Matthew Coon Come used his last public appearance as leader of Quebec's Cree Nation to issue a moving plea for the government to ensure basic human rights for Indigenous people.
Speaking at a provincial government inquiry into Indigenous relations, which he helped spearhead, the outgoing Grand Chief of the Grand Council of the Crees said he is worried by how routine discrimination is in Quebec.
''The discrimination visited daily on Indigenous people so robs them of their dignity and self-respect, that some begin to believe they deserve no better,'' said Coon Come, who is stepping down after 40 years of public life.
He said some Indigenous communities are worse off than many developing world countries. He noted incarceration rates in Indigenous communities are among the highest in the world, and that Indigenous children are more likely to be victims of sexual assault than to graduate from high school.
Repairing the past
Coon Come also used his testimony to underline the need for Indigenous people to tell their stories of abuse.
''There can be no reconciliation until the victims are heard,'' he said.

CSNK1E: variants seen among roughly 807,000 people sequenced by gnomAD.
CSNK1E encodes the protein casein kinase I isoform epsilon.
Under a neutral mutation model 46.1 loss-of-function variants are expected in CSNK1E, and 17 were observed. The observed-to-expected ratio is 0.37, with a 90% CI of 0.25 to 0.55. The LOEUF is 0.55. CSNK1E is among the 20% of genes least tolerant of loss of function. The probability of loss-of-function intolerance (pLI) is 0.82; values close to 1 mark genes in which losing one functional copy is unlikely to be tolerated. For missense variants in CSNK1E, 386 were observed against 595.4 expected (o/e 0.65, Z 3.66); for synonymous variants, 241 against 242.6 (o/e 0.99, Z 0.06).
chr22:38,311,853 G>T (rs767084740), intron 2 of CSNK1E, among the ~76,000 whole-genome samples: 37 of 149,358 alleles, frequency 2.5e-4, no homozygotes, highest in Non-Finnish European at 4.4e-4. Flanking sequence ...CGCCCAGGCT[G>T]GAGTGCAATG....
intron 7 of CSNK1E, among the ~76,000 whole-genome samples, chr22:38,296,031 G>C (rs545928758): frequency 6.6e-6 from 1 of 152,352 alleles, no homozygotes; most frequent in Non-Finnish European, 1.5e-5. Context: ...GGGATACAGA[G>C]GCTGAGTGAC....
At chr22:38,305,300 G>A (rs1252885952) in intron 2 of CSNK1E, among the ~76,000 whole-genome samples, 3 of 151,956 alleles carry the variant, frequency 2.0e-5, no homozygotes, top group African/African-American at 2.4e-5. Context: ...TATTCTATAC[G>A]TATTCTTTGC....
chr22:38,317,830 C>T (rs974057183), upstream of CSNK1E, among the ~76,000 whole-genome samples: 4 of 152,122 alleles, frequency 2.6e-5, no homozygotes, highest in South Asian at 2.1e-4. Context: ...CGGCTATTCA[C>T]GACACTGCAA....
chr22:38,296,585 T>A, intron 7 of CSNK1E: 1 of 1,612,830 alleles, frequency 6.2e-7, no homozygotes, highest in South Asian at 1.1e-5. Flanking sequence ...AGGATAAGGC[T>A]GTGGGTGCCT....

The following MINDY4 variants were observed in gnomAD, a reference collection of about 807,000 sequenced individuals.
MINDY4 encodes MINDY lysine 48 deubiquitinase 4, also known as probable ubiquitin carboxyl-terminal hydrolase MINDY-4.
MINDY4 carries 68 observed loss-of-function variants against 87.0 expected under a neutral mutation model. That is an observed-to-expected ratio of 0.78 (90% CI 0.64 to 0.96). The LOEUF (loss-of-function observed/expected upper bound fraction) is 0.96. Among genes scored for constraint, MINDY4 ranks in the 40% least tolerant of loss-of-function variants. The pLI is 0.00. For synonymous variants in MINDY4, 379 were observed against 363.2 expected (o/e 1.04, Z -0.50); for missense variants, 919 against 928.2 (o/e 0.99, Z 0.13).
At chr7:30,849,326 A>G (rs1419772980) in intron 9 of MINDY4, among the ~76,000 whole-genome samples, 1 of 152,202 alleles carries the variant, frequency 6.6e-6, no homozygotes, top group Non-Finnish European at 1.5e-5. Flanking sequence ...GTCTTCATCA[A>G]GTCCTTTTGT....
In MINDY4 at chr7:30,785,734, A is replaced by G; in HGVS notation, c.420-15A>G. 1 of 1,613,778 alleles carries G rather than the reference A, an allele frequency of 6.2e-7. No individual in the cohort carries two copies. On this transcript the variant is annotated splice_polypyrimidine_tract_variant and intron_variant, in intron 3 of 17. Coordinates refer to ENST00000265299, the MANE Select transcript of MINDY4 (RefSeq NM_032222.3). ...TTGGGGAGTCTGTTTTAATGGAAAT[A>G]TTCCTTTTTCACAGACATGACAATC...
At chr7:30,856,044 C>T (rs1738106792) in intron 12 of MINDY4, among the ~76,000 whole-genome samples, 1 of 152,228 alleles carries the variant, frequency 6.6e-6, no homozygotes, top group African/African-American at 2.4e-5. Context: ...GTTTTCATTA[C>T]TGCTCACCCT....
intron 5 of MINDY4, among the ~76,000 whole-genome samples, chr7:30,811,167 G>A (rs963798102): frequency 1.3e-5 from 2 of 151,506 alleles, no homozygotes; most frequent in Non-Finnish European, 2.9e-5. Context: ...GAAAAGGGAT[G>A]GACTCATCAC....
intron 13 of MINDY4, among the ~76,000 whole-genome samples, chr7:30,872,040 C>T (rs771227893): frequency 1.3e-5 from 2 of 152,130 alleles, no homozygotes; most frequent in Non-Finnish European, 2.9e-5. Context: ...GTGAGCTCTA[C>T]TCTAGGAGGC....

The Cree leader shared his own memories of being taken from his home in Mistissini, Que. to a residential school in Ontario at the age of five or six.
He said RCMP officers went into the isolated town and flew off with all the children, not for the purpose of education but primarily ''to break their link to their culture and their identity.''
''Imagine me filling a form saying what do you want to be when you grow up,'' Coon Come said.
When he wrote he wanted to be a hunter, like his father, he was told that was not a profession.
''But the land is still the largest employer of my people today. My father still lives off the land. They didn't take that away,'' he said.
Overcrowding a major obstacle to peace
Coon Come said many of the issues within Cree communities derive from overcrowding, which affects 20% of households.
He says the absence of women's shelters and social programs often forces Cree people to head towards urban centres, where they risk homelessness and abuse.
The city of Val-d'Or, where the inquiry is taking place, has a significant Indigenous population from nearby Algonquin and Cree communities.
''Given its human cost, inaction is not an option.'' Matthew Coon Come, Grand Chief of the Grand Council of the Crees
Coon Come expressed his hope that the inquiry would shed light on the 2015 allegations that Indigeneous women suffered abuse at the hands of provincial police officers.
He says training for Indigenous police officers, and alternative resources that can create bridges between law enforcement and Indigenous people, are urgently needed.
''Given its human cost, inaction is not an option,'' he said as he concluded his speech.